Tuesday, September 15, 2015

The View and why the phrase "doctor stethoscope" is so very wrong.

Making the rounds on the internet this week is a clip from The View regarding Miss Colorado and her monologue from the talent portion of the Miss America pageant.

Here's the video in case you haven't seen it:



(youtube credit to Kathryn West)

If you don't watch it, here's the gist: The View hosts are discussing the various talents demonstrated, and focus on Miss Colorado who talks about her work with Alzheimer's patients in relation to her job as a nurse. Miss Colorado is then mocked for "reading her emails" instead of performing a real talent, and there is an offhanded comment by Joy Behar about her attire - namely, her "doctor stethoscope."

I want to let that sink in for a moment.

Her "doctor stethoscope."

In two words, the women on The View manage to completely dismiss an entire profession. According to the AACN, there are around 3.1 million RNs nationwide. Three point one million. That's a lot of nurses. They work in Emergency Departments, hospice groups, nursing homes, Operating Rooms, administration, and a multitude of other departments. I myself work in the ER. And I've never once, in almost seven years of work, had my stethoscope referred to as a "doctor stethoscope."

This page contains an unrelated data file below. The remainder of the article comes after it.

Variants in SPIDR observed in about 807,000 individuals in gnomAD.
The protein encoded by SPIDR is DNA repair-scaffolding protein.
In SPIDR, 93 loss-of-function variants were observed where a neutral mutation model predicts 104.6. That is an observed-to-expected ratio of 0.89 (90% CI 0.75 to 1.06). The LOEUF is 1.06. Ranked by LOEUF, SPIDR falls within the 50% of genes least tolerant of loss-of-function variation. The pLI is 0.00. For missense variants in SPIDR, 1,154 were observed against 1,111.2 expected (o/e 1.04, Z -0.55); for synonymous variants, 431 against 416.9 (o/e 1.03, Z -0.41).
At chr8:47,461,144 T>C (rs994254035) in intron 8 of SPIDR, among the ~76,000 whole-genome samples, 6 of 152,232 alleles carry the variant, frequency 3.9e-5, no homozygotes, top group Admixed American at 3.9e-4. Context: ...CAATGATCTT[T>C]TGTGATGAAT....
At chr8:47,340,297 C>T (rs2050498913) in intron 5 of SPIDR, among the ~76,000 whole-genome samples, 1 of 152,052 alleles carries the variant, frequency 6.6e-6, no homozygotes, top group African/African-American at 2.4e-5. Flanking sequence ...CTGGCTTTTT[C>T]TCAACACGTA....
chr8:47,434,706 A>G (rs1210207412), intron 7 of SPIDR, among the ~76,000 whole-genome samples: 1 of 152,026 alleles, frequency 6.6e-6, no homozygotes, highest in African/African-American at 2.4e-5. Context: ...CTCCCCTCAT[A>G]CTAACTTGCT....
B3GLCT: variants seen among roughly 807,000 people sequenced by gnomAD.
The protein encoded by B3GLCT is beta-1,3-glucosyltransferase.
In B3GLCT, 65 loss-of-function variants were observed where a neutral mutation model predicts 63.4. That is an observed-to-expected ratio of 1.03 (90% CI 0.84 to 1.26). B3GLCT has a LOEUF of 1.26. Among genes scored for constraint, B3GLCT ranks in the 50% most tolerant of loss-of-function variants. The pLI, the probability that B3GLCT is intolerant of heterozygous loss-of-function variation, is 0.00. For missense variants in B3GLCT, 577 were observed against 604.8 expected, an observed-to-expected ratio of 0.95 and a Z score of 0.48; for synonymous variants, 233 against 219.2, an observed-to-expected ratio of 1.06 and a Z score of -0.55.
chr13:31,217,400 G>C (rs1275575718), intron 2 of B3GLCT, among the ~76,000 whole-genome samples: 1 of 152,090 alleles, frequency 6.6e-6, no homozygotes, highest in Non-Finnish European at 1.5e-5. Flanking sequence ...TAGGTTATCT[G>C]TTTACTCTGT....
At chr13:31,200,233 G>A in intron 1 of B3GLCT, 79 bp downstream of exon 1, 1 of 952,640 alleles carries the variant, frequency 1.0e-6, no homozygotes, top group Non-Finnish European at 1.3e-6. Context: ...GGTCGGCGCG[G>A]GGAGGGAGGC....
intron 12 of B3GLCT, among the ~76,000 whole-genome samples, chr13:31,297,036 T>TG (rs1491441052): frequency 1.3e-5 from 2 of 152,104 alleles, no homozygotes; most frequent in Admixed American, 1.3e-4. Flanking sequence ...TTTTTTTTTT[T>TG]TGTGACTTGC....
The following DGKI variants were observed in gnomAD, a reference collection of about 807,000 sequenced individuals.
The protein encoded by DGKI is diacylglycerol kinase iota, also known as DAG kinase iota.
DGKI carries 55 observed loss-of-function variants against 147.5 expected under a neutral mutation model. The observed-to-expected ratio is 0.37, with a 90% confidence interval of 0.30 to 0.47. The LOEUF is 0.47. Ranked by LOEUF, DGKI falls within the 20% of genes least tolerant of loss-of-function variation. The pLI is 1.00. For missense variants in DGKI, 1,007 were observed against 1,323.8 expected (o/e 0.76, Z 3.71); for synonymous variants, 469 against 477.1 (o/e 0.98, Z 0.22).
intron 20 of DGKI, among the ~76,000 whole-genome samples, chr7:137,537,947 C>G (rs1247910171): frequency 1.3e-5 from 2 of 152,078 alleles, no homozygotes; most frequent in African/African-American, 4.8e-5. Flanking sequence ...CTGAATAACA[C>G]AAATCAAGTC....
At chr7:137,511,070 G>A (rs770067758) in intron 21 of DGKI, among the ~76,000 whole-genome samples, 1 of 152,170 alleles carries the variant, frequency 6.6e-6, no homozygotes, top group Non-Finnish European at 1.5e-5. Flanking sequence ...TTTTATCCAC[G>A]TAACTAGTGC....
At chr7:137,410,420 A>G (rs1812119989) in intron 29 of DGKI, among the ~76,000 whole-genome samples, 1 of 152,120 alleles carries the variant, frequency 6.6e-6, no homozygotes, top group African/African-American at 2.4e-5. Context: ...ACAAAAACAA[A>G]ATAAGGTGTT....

I've never had my stethoscope referred to that way because there is no such thing. It is a stethoscope. Utilized by both doctors and nurses. And while our job functions in healthcare are different, they are both valid. To illustrate this, think back on the last time you went to the ER. After checking in with a triage nurse, you come back to a room if one is available. If not, the triage nurse makes the determination that you're safe sitting in the waiting room a bit longer while other, more critical patients are brought back first. When you do come back, the primary nurse is the first one to assess you. Why? There are more nurses than there are providers. Unless you're critically ill and the whole team is waiting for your arrival, generally the nurses assess you before the doctor ever comes into the room. The nurse listens with a stethoscope, to your lungs, your heart, or your abdomen to get an idea of what is going on. Do we hear abnormal breath sounds? No breath sounds at all on one side? What about a heart murmur? Are those bowel sounds hypoactive? Do your physical complaints match up with your story? What other symptoms are you having, and for how long?